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    What We’re Reading: Working Hard and Working Well by David Hunter

    By Kelly Medinger


    A nonprofit’s guide for taking a successful “leap of reason” to sustained social impact

    Working_Hard.pngThis summer I spent some time at the University of Notre Dame in Notre Dame, Indiana working on my master’s degree.  In my nonprofit management class, entitled “Leading for Social Impact,” we discussed the unique demands, expectations, challenges and opportunities of managing to success in the nonprofit context.   


    As part of my class, I read Working Hard and Working Well by David Hunter.  Described as “a sleeves-rolled-up companion to Leap of Reason,” Hunter’s book picks up where author Mario Marino left off by sharing how leaders, managers, staff, funders, and consultants can better understand and implement a performance management culture.


    Some of you may remember my colleague Kathleen McCarthy’s review of Mario Marino’s Leap of Reason a couple years ago.  His book is a call to action for nonprofits to make smarter decisions based on measurable outcomes.  The premise is that many nonprofits don’t know whether they’re actually delivering on their promises.  So instead of taking a “leap of faith” to achieve our mission, we should make a “leap of reason.”  


    Hunter follows Marino with the “how to” guide for making a successful leap.  He says it’s all about becoming an organization that manages to performance.  Performance management has struggled to take hold in the social sector, perhaps because of the top-down, command-and-control approach many managers take to making improvements.  Hunter dubs this form of performance management “compliance management,” saying it’s better for driving activities, not results. 


    To articulate the recommended approach, Hunter outlines three pillars of performance management:  performance leadership; management systems; and information and knowledge production.  Related to the first pillar, an important distinction in Working Hard, Working Well is the difference between an operational leader and an operational manager.  Operational leaders continually challenge the status quo, inspire others, and drive their concerns downward.  Operational managers, on the other hand, align with the vision and priorities articulated by the leader, deploy resources to sustain excellence, and channel the leader’s concerns into productive work and high standards.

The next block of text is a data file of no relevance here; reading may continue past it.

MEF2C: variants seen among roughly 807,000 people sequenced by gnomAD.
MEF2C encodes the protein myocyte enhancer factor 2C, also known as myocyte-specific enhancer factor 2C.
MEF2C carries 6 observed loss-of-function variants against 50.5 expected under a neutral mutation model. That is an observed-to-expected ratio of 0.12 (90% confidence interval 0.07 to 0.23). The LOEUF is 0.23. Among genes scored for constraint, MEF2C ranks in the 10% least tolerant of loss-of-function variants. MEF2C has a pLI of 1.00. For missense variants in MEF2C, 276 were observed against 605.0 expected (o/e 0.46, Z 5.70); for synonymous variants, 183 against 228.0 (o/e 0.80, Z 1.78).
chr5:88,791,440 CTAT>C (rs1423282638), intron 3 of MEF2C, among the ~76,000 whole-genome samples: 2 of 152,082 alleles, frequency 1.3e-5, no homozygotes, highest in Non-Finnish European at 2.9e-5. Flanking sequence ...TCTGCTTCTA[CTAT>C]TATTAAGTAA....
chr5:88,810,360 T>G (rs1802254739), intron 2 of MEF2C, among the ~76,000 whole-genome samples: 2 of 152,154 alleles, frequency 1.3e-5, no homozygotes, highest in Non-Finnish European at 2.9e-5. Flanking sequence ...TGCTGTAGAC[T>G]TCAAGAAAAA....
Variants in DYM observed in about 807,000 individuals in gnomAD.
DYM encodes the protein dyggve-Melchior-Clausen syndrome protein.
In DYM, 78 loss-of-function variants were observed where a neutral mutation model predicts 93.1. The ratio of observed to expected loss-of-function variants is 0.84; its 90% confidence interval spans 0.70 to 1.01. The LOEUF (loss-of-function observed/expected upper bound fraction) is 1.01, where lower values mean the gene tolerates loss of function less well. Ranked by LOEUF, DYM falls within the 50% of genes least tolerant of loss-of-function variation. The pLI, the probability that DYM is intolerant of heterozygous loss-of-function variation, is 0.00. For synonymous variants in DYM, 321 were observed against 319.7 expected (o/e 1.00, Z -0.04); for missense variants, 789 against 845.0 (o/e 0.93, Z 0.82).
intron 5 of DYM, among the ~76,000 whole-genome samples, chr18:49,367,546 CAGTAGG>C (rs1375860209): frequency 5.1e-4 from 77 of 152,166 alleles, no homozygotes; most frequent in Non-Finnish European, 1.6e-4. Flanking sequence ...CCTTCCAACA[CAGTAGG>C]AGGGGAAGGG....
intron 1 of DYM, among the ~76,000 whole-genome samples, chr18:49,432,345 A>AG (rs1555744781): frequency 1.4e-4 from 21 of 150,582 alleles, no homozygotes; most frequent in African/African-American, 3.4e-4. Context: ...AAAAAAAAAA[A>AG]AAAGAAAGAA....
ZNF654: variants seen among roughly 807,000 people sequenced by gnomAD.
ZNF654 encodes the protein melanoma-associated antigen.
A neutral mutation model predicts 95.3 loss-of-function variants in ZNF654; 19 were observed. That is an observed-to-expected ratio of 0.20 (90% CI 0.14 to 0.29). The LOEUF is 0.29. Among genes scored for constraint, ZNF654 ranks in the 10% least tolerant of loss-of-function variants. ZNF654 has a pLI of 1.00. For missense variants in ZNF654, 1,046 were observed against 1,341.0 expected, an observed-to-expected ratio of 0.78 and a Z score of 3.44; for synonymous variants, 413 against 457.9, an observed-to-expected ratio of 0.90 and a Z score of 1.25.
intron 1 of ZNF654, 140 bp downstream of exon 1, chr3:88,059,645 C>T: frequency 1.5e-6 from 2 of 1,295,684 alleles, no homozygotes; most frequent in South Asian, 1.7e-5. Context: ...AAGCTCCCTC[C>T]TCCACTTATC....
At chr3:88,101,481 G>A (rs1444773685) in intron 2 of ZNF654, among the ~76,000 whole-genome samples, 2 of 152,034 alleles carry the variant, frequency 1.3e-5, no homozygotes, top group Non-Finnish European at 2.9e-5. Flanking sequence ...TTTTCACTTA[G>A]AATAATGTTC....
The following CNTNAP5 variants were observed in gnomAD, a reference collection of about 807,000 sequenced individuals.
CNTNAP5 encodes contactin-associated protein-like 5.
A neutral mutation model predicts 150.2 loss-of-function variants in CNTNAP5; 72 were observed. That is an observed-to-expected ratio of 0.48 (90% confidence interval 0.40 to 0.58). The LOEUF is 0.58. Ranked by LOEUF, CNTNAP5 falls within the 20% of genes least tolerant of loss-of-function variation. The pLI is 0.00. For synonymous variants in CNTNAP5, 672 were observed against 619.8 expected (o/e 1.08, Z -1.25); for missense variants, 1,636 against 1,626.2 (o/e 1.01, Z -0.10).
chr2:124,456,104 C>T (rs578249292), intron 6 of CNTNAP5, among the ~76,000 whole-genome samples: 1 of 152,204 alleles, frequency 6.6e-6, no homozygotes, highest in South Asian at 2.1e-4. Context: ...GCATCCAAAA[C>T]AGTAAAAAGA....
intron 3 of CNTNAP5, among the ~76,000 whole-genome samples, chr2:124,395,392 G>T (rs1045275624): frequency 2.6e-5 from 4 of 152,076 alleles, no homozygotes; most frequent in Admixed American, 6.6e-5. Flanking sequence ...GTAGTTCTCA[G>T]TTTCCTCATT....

Reading this book, I learned that performance management is the relentless pursuit of “making it better.”  Yet moving to this culture of continuous improvement is not an easy road.  It means shifting perspectives:  from data as a burden, to data as a useful tool; from functional program silos, to cross-functional teams; from fear of breaking rules and patterns to support for making mistakes and trying new strategies. 


    The point is that the world is (and probably will always be) messy and complicated.  On top of that, social change is and will continue to be even messier and more complicated.  But there are tools we can all use to respond and be ready – strategic clarity and measurable outcomes being among them.  With these tools in hand and Hunter’s road map for performance management, we can all hold hands and take a “leap of reason” toward greater impact by working hard and working well.